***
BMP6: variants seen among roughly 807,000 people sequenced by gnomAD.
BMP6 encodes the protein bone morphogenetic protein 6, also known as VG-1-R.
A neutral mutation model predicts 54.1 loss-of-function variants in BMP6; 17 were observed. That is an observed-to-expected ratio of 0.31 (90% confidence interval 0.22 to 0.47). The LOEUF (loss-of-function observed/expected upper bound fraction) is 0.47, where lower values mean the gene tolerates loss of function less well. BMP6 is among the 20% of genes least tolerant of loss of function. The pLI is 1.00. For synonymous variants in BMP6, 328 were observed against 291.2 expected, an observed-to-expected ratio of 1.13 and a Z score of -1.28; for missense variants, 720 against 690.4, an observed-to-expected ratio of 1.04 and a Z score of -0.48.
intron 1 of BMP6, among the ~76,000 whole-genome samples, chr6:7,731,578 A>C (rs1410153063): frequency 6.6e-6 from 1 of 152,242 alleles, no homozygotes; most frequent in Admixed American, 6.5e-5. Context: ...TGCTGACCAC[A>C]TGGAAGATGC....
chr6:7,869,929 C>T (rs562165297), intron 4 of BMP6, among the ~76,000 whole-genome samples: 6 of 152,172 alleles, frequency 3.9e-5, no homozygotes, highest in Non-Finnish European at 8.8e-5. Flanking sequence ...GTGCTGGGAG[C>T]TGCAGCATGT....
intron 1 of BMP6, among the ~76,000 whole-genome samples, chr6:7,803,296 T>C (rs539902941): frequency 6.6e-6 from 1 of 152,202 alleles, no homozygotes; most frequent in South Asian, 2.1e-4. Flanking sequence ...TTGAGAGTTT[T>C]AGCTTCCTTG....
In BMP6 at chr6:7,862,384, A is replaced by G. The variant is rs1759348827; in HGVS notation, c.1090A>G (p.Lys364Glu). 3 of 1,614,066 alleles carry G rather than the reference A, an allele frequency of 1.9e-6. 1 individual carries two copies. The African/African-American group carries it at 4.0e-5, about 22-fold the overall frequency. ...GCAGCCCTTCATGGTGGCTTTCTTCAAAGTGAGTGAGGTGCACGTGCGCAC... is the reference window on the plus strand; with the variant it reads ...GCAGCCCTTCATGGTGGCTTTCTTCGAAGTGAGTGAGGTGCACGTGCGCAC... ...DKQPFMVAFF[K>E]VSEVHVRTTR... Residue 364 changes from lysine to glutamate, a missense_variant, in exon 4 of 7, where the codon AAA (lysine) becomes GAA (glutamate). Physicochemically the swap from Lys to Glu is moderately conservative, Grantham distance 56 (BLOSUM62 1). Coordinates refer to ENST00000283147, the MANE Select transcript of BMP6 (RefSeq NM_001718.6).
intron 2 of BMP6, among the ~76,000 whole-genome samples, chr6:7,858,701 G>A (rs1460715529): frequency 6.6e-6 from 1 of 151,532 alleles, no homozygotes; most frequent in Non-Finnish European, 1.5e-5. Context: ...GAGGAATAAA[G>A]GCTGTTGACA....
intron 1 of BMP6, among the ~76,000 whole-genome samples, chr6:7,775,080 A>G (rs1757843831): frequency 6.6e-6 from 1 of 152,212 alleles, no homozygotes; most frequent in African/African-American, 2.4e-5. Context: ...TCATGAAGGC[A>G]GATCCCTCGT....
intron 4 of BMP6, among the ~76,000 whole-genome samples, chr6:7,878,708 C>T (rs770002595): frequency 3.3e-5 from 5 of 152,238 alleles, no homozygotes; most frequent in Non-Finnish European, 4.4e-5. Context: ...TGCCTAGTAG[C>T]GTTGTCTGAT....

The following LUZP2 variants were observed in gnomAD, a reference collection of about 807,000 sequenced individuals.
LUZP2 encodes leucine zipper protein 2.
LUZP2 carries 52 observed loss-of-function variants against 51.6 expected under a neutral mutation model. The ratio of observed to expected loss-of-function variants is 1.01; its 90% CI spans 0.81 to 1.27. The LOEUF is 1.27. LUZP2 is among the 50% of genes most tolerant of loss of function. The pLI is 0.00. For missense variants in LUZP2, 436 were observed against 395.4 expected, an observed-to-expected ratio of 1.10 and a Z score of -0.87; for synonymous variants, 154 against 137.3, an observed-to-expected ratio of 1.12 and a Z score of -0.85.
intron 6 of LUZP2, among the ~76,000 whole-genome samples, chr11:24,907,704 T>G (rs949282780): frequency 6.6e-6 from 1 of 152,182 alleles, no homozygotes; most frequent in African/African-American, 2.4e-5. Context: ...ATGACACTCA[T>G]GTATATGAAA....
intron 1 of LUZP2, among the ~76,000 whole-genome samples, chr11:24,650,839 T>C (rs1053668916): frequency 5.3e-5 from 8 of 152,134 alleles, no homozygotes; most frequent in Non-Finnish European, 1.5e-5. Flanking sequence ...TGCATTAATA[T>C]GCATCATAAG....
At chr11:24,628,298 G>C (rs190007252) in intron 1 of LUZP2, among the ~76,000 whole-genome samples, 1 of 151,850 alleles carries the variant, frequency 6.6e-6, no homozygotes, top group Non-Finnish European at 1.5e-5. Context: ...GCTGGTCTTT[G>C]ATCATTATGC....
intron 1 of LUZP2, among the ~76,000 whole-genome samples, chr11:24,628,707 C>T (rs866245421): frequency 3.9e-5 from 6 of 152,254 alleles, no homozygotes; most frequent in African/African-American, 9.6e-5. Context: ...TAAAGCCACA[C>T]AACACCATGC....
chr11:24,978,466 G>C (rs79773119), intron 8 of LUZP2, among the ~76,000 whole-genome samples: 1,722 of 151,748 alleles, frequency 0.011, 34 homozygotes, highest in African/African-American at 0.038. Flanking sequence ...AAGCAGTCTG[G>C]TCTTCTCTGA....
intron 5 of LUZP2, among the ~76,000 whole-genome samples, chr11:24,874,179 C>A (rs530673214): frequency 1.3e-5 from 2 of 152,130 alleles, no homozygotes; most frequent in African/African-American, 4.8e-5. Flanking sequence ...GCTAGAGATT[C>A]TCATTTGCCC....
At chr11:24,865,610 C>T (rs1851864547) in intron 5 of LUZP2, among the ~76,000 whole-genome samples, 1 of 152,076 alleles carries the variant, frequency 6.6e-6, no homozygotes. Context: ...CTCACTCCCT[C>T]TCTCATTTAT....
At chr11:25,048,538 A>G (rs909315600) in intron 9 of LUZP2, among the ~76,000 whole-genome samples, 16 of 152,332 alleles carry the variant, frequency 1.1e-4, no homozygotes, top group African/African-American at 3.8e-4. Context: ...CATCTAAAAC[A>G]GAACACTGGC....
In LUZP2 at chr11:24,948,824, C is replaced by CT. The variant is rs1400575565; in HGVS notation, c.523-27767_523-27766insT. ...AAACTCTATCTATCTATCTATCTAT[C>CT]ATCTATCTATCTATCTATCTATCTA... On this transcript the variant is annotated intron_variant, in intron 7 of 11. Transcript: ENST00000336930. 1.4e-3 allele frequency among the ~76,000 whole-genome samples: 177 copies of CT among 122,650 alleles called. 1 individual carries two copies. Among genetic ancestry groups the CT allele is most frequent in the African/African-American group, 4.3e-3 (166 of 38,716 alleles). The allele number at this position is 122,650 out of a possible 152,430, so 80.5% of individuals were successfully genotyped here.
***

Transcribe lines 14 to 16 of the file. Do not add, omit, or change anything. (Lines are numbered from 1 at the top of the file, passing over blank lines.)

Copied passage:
intron 6 of LUZP2, among the ~76,000 whole-genome samples, chr11:24,907,704 T>G (rs949282780): frequency 6.6e-6 from 1 of 152,182 alleles, no homozygotes; most frequent in African/African-American, 2.4e-5. Context: ...ATGACACTCA[T>G]GTATATGAAA....
intron 1 of LUZP2, among the ~76,000 whole-genome samples, chr11:24,650,839 T>C (rs1053668916): frequency 5.3e-5 from 8 of 152,134 alleles, no homozygotes; most frequent in Non-Finnish European, 1.5e-5. Flanking sequence ...TGCATTAATA[T>C]GCATCATAAG....
At chr11:24,628,298 G>C (rs190007252) in intron 1 of LUZP2, among the ~76,000 whole-genome samples, 1 of 151,850 alleles carries the variant, frequency 6.6e-6, no homozygotes, top group Non-Finnish European at 1.5e-5. Context: ...GCTGGTCTTT[G>C]ATCATTATGC....